What’s your mindset? Abundance vs. Scarcity Thinking

Posted at 11th July 2018

Life is a collection of millions of choices that we make daily. While these choices vary in magnitude, they can often be traced back to a source. One source that plays a significant role in the choices that we make is our mindset. A mindset has many different facets, but one of the main components is whether you have an abundance or a scarcity mentality. 

The Abandance Mindset

An abundance mindset envisions endless possibilities and sets lofty goals. It’s one that believes the best is yet to come, and that ideas, resources, and love are unlimited. It creates a zeal and passion for life that is contagious. It’s also a mindset that is honoring to God. We see this mindset being taught by God throughout scripture, such as the following passages:

  • John 10:10 “The thief comes only to steal and kill and destroy. I came that they may have life and have it abundantly.” (NASB)
  • 1 Timothy 6:17  “ Teach those who are rich in this world not to be proud and not to trust in their money, which is so unreliable. Their trust should be in God, who richly gives us all we need for our enjoyment.” (NLT)
  • 2 Corinthians 9:6-8 “The point is this: whoever sows sparingly will also reap sparingly, and whoever sows bountifully will also reap bountifully. Each one must give as he has decided in his heart, not reluctantly or under compulsion, for God loves a cheerful giver. And God is able to make all grace abound to you, so that having all sufficiency in all things at all times, you may abound in every good work.” (ESV)

We can’t help but develop an abundance mindset as we steadily increase in our personal understanding that our God is limitless, He is for us, and He cannot be contained.

The Scarcity Mindset

In contrast, a scarcity mindset sees limitation and shortage at every turn. It’s a mindset that is easy to gravitate towards, but one that needs to be guarded against. A scarcity mindset contributes to an unfulfilled life, one that constantly is concerned about having enough, and others having too much. We’re warned about this in the Sermon on the Mount where Jesus teaches about how we are not to be anxious (Matthew 6:25-34, ESV). Scarcity thinkers tend to seek after materialistic achievements such as money, recognition, or power, instead of focusing on life-giving practices such as collaboration, generosity, and being open to change.

Fostering an Abundance Mindset

One way that can be helpful in thinking through which mindset you have is by reflecting on how you view different parts of your life. Do you share opportunities, ideas, your time, and resources? Or are you more apt to keep those things to yourself? Do you find it easy to celebrate when a neighbor, friend, or family member when they receive a promotion? Or do you tend to feel a bit of resentment and that you are more deserving of a promotion? Regardless of which mindset you feel that you are currently more aligned with, developing a stronger abundance mindset is a wise use of time. John C. Maxwell published an article about six ways to develop and model an abundance mindset. Here are his six suggestions for encouraging an abundance mindset:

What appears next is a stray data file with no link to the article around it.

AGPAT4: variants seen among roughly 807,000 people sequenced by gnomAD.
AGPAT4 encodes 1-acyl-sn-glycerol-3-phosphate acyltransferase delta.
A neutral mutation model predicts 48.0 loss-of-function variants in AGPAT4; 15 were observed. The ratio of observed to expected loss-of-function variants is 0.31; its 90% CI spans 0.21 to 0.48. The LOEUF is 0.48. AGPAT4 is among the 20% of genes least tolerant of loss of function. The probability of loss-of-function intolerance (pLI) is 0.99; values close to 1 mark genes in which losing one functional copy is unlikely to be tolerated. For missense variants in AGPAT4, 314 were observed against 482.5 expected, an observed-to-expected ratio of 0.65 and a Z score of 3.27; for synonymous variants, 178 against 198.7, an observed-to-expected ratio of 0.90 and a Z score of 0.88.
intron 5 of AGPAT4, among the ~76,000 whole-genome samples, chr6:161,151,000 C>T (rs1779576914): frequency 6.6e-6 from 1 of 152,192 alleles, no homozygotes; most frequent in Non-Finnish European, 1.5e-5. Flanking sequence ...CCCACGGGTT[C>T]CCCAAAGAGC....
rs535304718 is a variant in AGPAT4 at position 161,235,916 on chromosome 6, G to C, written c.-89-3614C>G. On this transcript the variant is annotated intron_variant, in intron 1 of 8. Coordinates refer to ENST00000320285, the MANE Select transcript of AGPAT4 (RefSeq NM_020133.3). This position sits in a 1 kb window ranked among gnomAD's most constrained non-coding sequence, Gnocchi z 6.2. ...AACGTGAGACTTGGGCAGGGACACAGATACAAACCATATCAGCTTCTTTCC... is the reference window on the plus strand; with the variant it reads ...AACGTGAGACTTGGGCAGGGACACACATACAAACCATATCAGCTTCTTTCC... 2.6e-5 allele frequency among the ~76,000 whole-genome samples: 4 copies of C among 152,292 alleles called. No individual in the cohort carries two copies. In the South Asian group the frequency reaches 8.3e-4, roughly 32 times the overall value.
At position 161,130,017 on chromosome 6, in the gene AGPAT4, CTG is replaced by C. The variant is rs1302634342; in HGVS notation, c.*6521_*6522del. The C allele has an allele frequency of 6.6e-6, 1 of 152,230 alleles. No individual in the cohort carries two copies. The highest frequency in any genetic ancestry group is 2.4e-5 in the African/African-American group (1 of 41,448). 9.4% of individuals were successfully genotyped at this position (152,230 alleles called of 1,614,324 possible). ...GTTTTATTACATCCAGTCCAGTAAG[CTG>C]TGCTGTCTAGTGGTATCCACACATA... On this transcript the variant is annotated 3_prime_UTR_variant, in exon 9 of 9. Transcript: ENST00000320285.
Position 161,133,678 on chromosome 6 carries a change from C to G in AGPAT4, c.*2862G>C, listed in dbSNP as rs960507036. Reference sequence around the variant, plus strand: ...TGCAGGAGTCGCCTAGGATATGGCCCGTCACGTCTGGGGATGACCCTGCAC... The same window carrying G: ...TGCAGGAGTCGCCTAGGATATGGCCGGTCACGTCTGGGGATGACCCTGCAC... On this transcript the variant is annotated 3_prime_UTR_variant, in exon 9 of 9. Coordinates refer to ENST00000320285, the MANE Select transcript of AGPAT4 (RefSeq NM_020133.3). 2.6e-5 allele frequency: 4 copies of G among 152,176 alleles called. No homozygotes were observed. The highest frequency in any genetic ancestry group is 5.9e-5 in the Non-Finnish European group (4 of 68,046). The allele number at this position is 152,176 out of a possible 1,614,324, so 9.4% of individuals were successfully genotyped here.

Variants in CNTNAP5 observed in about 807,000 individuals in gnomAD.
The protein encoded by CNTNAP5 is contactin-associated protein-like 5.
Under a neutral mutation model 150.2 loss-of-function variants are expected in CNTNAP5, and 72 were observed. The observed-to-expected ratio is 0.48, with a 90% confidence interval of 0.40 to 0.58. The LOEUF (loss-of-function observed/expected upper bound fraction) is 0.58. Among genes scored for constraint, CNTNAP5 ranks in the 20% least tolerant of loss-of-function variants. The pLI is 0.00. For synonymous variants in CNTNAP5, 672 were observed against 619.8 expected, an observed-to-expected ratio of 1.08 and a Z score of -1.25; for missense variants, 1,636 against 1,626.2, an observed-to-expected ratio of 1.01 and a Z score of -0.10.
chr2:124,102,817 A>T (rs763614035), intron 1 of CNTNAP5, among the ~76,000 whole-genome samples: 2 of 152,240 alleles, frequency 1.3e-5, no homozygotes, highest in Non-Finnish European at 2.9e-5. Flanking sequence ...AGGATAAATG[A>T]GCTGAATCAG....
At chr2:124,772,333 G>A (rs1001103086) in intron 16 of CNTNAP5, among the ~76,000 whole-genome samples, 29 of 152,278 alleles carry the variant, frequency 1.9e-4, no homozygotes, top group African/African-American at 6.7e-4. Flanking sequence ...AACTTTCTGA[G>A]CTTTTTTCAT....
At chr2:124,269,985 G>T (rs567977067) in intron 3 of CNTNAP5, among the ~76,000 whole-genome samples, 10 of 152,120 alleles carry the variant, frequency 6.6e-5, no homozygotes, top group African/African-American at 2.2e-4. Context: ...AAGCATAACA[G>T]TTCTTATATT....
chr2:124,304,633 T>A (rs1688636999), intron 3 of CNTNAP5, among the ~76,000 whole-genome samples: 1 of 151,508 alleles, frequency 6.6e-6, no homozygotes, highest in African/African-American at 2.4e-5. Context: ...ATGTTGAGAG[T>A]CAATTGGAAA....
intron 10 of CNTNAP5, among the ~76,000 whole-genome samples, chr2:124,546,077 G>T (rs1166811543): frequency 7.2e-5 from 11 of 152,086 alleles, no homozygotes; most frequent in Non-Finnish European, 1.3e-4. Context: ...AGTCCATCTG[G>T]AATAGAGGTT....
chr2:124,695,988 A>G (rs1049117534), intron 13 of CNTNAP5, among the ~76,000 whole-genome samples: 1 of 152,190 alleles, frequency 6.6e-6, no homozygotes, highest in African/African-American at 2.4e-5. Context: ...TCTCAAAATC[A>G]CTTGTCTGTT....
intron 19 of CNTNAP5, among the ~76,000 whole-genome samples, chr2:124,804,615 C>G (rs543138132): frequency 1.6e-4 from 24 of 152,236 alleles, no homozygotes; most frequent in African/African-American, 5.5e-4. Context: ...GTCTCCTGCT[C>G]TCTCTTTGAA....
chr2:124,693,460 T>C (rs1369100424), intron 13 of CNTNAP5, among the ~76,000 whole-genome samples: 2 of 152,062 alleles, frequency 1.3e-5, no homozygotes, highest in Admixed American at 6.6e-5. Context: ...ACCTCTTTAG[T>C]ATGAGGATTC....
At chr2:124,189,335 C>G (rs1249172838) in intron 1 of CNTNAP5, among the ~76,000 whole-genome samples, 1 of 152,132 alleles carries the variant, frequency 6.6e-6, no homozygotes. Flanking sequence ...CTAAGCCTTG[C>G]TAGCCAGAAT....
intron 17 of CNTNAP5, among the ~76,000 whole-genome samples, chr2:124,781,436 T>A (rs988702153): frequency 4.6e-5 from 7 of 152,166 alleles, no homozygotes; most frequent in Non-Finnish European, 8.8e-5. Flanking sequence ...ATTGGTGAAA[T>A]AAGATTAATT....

1. Offer words of appreciation
  2. Choose to see opportunity
  3. Remind yourself that there is more than enough
  4. Carefully select the company you keep
  5. Spend time in reflection
  6. Give more of what you want

Click here to read Maxwell’s complete article. 

Viewing the Stock Market with an Abundance Mindset

Having an abundance mindset dovetails with our investment principle #9: “Base your faith and contentment in something other than investment accounts.” It plays a role in making you a better investor both when the market is up, and when it is down. An abundance mindset can help neutralize fear and greed. The fundamental belief that there is enough to go around helps us combat these two enemies of long term success. An abundance mentality helps avoid irrational decisions, such as taking unnecessary risk by betting on a friend’s hot stock tip or abandoning our investment strategy by moving to cash during a down market.

We see this mindset as a helpful lens for viewing the US Stock Market activity as measured by Vanguard Total Stock Market ETF (VTI).  So far in 2018, it has been a bit of a bumpy ride. US Stocks are up about 4% for the year. Given the volatile January and February we experienced, and the extensive media coverage of rising interest rates and threats of a global trade war, it’s easy to miss the fact that the US stock market continues to march ahead, adding to a stellar year of returns in 2017.

(source: Morningstar.com as of 07.09.2018)

An abundance mindset helps us keep a healthy perspective to endure, and may we say even enjoy, the ride of the market. It is also helpful to keep in mind that while US Stocks are the most common sector to reference when discussing “the market”, the stock portions of our LifeGuide InSight portfolios are invested in international and emerging markets as well. 

So, which are you? Do you lean more towards scarcity or abundant thinking? Which one of Maxwell’s six suggestions can you adopt today to reinforce an abundance mindset in yourself and those around you?

 

Enjoy the rest of your summer!